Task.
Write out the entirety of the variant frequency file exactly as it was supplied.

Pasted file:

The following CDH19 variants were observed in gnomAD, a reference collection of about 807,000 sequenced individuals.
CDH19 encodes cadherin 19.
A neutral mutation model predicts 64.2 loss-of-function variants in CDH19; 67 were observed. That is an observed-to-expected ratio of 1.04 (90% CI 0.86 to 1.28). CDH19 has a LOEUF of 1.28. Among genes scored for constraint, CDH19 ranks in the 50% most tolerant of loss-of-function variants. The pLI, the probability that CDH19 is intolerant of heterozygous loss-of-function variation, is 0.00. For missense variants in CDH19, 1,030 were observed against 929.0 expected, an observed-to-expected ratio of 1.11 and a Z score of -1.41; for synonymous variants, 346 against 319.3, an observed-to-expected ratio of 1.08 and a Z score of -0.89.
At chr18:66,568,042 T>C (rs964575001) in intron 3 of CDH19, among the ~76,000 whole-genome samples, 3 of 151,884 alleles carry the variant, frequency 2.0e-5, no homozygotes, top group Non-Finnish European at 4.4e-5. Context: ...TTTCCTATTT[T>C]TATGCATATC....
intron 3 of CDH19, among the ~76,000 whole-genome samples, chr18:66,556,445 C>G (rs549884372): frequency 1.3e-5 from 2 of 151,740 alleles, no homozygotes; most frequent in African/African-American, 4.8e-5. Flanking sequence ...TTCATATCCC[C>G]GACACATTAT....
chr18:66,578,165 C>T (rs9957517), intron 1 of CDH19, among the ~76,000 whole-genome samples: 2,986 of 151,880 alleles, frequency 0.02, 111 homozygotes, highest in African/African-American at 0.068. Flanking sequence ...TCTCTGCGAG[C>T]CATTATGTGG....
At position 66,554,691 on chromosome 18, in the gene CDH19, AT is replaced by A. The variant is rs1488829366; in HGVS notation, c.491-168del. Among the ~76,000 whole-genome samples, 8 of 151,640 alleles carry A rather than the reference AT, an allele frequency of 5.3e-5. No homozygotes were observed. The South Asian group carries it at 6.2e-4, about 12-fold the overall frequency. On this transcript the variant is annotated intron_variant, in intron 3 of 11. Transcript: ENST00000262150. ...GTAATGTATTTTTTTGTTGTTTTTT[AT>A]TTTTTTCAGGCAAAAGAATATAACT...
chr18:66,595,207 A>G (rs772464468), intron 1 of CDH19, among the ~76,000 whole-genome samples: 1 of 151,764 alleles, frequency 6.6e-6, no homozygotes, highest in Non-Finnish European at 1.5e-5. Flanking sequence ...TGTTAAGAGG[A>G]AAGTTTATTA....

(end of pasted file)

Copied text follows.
The following CDH19 variants were observed in gnomAD, a reference collection of about 807,000 sequenced individuals.
CDH19 encodes cadherin 19.
A neutral mutation model predicts 64.2 loss-of-function variants in CDH19; 67 were observed. That is an observed-to-expected ratio of 1.04 (90% CI 0.86 to 1.28). CDH19 has a LOEUF of 1.28. Among genes scored for constraint, CDH19 ranks in the 50% most tolerant of loss-of-function variants. The pLI, the probability that CDH19 is intolerant of heterozygous loss-of-function variation, is 0.00. For missense variants in CDH19, 1,030 were observed against 929.0 expected, an observed-to-expected ratio of 1.11 and a Z score of -1.41; for synonymous variants, 346 against 319.3, an observed-to-expected ratio of 1.08 and a Z score of -0.89.
At chr18:66,568,042 T>C (rs964575001) in intron 3 of CDH19, among the ~76,000 whole-genome samples, 3 of 151,884 alleles carry the variant, frequency 2.0e-5, no homozygotes, top group Non-Finnish European at 4.4e-5. Context: ...TTTCCTATTT[T>C]TATGCATATC....
intron 3 of CDH19, among the ~76,000 whole-genome samples, chr18:66,556,445 C>G (rs549884372): frequency 1.3e-5 from 2 of 151,740 alleles, no homozygotes; most frequent in African/African-American, 4.8e-5. Flanking sequence ...TTCATATCCC[C>G]GACACATTAT....
chr18:66,578,165 C>T (rs9957517), intron 1 of CDH19, among the ~76,000 whole-genome samples: 2,986 of 151,880 alleles, frequency 0.02, 111 homozygotes, highest in African/African-American at 0.068. Flanking sequence ...TCTCTGCGAG[C>T]CATTATGTGG....
At position 66,554,691 on chromosome 18, in the gene CDH19, AT is replaced by A. The variant is rs1488829366; in HGVS notation, c.491-168del. Among the ~76,000 whole-genome samples, 8 of 151,640 alleles carry A rather than the reference AT, an allele frequency of 5.3e-5. No homozygotes were observed. The South Asian group carries it at 6.2e-4, about 12-fold the overall frequency. On this transcript the variant is annotated intron_variant, in intron 3 of 11. Transcript: ENST00000262150. ...GTAATGTATTTTTTTGTTGTTTTTT[AT>A]TTTTTTCAGGCAAAAGAATATAACT...
chr18:66,595,207 A>G (rs772464468), intron 1 of CDH19, among the ~76,000 whole-genome samples: 1 of 151,764 alleles, frequency 6.6e-6, no homozygotes, highest in Non-Finnish European at 1.5e-5. Flanking sequence ...TGTTAAGAGG[A>G]AAGTTTATTA....